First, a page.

Separe os nomes com vírgulas.
Tópico em 'Europa' iniciado por Mário Barros 5 Jan 2008 às 14:46.
Orages et inondations dans le Nord de l'Italie
Le Nord de l'Italie et plus particulièrement la région de Gènes a été touchée par de violents orages qui ont causé des inondations et fait une victime. Les orages ont été accompagnés par des pluies diluviennes et localement de fortes averses de grêle.
Les services météorologiques ont indiqué avoir enregistré entre 70 et 80 mm de précipitations en moins de 1 h 30 dans les secteurs de Cornigliano et Sampierdarena Certosa à l'Ouest de Gènes. Dans le domaine de Recco (Est de Gène), il est tombé 80 mm en 1h00.
Ces orages s'inscrivent dans un contexte météorologique qui a vu une dépression formée en mer Méditerranée et centrée sur le Golfe de Gène qui a dirigé un flux d'air doux et humide de secteur sud sur le Nord de la péninsule Italienne. Depuis une semaine, des cumuls de 300 mm ont été enregistrés dans l'agglomération.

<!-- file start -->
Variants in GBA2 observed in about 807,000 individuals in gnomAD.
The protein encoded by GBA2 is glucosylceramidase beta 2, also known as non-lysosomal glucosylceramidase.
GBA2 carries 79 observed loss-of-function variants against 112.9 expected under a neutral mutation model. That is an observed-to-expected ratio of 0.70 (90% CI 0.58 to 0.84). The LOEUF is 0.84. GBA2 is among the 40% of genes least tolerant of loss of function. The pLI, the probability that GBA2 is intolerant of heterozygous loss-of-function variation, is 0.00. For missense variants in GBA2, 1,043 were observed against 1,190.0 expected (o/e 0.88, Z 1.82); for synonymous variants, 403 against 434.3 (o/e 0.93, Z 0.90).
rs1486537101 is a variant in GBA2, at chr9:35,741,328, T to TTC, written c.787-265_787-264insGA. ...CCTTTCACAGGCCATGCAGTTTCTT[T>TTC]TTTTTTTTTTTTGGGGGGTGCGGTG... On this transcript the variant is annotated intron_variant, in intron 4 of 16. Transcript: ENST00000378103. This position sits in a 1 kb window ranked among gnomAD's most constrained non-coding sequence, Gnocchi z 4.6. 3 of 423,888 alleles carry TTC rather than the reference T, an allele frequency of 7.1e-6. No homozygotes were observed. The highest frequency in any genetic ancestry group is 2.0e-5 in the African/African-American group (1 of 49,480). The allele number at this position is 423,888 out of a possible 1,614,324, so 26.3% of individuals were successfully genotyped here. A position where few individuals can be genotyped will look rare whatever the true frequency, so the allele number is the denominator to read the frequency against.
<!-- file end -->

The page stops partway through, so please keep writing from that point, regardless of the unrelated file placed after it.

Plus au Sud, Rome a aussi essuyé de violents orages accompagnés de fortes bourrasques de vent. Plusieurs arbres ont été déracinés. Un jeune garçon a été foudroyé et est décédé. La victime s'était abrité sous arbre lorsque celui-ci a été touché par la foudre. Plusieurs quartiers de la ville ont subi des inondations. Les pompiers sont intervenu une centaine de fois.
Mau tempo em França deixa milhares de habitantes sem água potável
As cheias do Rio Loire que atingiram esta semana o Centro de França já deixaram milhares de pessoas sem água potável, algo que surgiu na sequência de fortes inundações em três zonas de captação.
O mau tempo que se tem feito sentir em diversas regiões do Centro do país, atingiu o máximo de pluvosidade esta quinta-feira, sobretudo, nas cidades de Nevers e Fourchambault.